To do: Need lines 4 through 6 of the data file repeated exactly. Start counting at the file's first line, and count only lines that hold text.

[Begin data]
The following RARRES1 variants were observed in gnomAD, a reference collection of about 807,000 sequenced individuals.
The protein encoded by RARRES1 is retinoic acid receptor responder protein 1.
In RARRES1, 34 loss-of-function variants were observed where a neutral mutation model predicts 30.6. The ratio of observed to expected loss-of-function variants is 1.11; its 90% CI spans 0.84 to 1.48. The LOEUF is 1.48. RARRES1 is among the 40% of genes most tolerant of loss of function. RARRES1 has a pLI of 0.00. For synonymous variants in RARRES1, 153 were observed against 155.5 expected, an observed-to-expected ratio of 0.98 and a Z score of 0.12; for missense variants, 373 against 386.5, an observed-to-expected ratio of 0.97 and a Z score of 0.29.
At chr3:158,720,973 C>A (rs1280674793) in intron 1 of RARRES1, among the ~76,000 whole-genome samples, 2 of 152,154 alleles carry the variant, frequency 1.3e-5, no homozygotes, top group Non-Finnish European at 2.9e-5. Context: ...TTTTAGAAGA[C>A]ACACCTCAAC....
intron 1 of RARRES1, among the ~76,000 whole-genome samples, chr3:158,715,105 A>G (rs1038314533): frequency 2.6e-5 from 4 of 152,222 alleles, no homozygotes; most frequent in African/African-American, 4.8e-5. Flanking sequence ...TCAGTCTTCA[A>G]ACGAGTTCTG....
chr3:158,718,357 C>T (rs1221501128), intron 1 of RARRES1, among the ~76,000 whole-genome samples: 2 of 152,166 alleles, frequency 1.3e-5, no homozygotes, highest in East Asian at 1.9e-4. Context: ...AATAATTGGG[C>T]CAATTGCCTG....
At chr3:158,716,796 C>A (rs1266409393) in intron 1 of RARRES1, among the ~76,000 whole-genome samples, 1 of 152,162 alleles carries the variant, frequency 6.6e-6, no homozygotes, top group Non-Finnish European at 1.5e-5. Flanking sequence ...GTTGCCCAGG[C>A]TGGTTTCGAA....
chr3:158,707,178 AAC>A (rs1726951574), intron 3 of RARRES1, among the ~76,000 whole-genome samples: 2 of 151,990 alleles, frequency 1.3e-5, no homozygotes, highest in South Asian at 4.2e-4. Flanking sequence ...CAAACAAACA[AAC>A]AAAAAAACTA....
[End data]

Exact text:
At chr3:158,720,973 C>A (rs1280674793) in intron 1 of RARRES1, among the ~76,000 whole-genome samples, 2 of 152,154 alleles carry the variant, frequency 1.3e-5, no homozygotes, top group Non-Finnish European at 2.9e-5. Context: ...TTTTAGAAGA[C>A]ACACCTCAAC....
intron 1 of RARRES1, among the ~76,000 whole-genome samples, chr3:158,715,105 A>G (rs1038314533): frequency 2.6e-5 from 4 of 152,222 alleles, no homozygotes; most frequent in African/African-American, 4.8e-5. Flanking sequence ...TCAGTCTTCA[A>G]ACGAGTTCTG....
chr3:158,718,357 C>T (rs1221501128), intron 1 of RARRES1, among the ~76,000 whole-genome samples: 2 of 152,166 alleles, frequency 1.3e-5, no homozygotes, highest in East Asian at 1.9e-4. Context: ...AATAATTGGG[C>T]CAATTGCCTG....